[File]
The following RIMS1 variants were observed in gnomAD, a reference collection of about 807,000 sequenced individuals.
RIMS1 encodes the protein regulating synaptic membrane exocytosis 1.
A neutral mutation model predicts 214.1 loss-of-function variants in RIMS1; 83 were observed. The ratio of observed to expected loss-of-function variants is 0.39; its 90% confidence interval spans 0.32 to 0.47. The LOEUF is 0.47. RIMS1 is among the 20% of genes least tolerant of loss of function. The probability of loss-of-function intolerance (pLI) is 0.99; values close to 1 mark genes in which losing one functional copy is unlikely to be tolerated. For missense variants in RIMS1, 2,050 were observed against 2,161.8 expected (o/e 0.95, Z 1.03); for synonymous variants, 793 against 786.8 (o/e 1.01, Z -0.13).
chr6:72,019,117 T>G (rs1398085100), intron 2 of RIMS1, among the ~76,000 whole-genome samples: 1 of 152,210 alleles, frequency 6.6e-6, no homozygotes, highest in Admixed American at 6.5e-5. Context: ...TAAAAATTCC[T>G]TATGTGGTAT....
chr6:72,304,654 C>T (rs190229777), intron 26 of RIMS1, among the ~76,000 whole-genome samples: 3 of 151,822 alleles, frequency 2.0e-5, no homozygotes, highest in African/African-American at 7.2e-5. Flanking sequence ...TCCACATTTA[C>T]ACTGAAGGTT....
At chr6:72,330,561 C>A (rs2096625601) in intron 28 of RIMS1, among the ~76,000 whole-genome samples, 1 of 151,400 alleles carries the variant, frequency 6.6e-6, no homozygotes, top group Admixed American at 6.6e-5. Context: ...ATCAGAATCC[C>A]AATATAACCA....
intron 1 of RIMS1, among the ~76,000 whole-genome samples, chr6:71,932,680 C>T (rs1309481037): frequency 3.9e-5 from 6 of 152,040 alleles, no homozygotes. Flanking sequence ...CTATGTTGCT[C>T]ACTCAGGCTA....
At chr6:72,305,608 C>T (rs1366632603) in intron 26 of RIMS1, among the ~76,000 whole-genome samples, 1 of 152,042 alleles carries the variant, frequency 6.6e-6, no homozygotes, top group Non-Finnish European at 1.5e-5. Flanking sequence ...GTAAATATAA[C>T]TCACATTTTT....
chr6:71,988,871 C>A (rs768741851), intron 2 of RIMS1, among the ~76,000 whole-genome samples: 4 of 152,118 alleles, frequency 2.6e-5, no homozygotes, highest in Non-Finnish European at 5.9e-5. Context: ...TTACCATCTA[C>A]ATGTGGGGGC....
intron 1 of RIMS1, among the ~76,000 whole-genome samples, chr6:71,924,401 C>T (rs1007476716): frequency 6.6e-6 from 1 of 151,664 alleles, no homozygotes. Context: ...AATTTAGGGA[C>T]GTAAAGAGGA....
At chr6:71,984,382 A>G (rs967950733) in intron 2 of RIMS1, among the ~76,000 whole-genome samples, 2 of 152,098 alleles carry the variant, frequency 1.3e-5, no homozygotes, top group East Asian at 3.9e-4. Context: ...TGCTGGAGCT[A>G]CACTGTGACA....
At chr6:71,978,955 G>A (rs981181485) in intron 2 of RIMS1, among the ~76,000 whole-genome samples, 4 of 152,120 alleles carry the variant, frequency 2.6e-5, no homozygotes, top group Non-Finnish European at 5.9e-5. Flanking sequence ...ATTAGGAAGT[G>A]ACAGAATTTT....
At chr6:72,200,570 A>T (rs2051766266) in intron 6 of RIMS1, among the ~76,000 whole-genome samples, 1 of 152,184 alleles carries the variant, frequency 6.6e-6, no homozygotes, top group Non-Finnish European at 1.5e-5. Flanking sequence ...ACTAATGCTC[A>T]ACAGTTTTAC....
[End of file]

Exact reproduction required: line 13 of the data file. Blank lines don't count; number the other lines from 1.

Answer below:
At chr6:72,200,570 A>T (rs2051766266) in intron 6 of RIMS1, among the ~76,000 whole-genome samples, 1 of 152,184 alleles carries the variant, frequency 6.6e-6, no homozygotes, top group Non-Finnish European at 1.5e-5. Flanking sequence ...ACTAATGCTC[A>T]ACAGTTTTAC....